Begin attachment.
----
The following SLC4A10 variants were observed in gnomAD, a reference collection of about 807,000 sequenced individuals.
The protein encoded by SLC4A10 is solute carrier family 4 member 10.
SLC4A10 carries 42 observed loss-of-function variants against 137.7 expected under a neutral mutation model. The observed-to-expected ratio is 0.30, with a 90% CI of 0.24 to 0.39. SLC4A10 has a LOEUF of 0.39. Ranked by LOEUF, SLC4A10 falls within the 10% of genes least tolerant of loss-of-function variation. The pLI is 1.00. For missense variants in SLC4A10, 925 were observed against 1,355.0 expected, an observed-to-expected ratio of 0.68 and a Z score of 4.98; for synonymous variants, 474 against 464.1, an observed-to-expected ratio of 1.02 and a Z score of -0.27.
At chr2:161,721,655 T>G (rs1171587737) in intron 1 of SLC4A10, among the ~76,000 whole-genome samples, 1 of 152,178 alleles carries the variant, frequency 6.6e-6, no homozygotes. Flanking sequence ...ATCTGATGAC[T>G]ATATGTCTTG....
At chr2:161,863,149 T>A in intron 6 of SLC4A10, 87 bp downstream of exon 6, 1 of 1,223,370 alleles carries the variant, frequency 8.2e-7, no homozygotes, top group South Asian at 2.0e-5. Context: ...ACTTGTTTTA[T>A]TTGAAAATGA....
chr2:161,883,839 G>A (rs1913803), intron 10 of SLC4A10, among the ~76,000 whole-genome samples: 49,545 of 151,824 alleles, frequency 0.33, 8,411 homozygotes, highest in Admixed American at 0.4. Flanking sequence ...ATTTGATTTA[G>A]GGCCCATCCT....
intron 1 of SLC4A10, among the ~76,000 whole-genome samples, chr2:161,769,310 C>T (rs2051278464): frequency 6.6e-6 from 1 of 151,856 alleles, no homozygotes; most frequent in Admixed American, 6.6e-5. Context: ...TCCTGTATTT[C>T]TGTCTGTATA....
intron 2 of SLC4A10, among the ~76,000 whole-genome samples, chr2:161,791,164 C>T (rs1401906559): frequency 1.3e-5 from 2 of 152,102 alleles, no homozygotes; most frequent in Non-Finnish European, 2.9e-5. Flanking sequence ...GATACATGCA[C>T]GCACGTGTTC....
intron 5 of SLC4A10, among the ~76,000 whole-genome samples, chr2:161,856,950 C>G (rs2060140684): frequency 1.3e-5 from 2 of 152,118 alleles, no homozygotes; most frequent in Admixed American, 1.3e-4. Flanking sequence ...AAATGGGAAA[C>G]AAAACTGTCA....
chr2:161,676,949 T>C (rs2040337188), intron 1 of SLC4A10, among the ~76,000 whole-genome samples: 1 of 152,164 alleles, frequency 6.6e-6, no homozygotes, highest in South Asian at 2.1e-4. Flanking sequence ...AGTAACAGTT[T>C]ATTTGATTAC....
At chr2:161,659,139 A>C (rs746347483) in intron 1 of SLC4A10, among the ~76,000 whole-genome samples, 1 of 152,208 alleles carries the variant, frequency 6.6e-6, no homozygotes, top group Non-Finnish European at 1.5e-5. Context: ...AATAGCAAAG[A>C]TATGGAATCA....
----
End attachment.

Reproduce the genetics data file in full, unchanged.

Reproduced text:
The following SLC4A10 variants were observed in gnomAD, a reference collection of about 807,000 sequenced individuals.
The protein encoded by SLC4A10 is solute carrier family 4 member 10.
SLC4A10 carries 42 observed loss-of-function variants against 137.7 expected under a neutral mutation model. The observed-to-expected ratio is 0.30, with a 90% CI of 0.24 to 0.39. SLC4A10 has a LOEUF of 0.39. Ranked by LOEUF, SLC4A10 falls within the 10% of genes least tolerant of loss-of-function variation. The pLI is 1.00. For missense variants in SLC4A10, 925 were observed against 1,355.0 expected, an observed-to-expected ratio of 0.68 and a Z score of 4.98; for synonymous variants, 474 against 464.1, an observed-to-expected ratio of 1.02 and a Z score of -0.27.
At chr2:161,721,655 T>G (rs1171587737) in intron 1 of SLC4A10, among the ~76,000 whole-genome samples, 1 of 152,178 alleles carries the variant, frequency 6.6e-6, no homozygotes. Flanking sequence ...ATCTGATGAC[T>G]ATATGTCTTG....
At chr2:161,863,149 T>A in intron 6 of SLC4A10, 87 bp downstream of exon 6, 1 of 1,223,370 alleles carries the variant, frequency 8.2e-7, no homozygotes, top group South Asian at 2.0e-5. Context: ...ACTTGTTTTA[T>A]TTGAAAATGA....
chr2:161,883,839 G>A (rs1913803), intron 10 of SLC4A10, among the ~76,000 whole-genome samples: 49,545 of 151,824 alleles, frequency 0.33, 8,411 homozygotes, highest in Admixed American at 0.4. Flanking sequence ...ATTTGATTTA[G>A]GGCCCATCCT....
intron 1 of SLC4A10, among the ~76,000 whole-genome samples, chr2:161,769,310 C>T (rs2051278464): frequency 6.6e-6 from 1 of 151,856 alleles, no homozygotes; most frequent in Admixed American, 6.6e-5. Context: ...TCCTGTATTT[C>T]TGTCTGTATA....
intron 2 of SLC4A10, among the ~76,000 whole-genome samples, chr2:161,791,164 C>T (rs1401906559): frequency 1.3e-5 from 2 of 152,102 alleles, no homozygotes; most frequent in Non-Finnish European, 2.9e-5. Flanking sequence ...GATACATGCA[C>T]GCACGTGTTC....
intron 5 of SLC4A10, among the ~76,000 whole-genome samples, chr2:161,856,950 C>G (rs2060140684): frequency 1.3e-5 from 2 of 152,118 alleles, no homozygotes; most frequent in Admixed American, 1.3e-4. Flanking sequence ...AAATGGGAAA[C>G]AAAACTGTCA....
chr2:161,676,949 T>C (rs2040337188), intron 1 of SLC4A10, among the ~76,000 whole-genome samples: 1 of 152,164 alleles, frequency 6.6e-6, no homozygotes, highest in South Asian at 2.1e-4. Flanking sequence ...AGTAACAGTT[T>C]ATTTGATTAC....
At chr2:161,659,139 A>C (rs746347483) in intron 1 of SLC4A10, among the ~76,000 whole-genome samples, 1 of 152,208 alleles carries the variant, frequency 6.6e-6, no homozygotes, top group Non-Finnish European at 1.5e-5. Context: ...AATAGCAAAG[A>C]TATGGAATCA....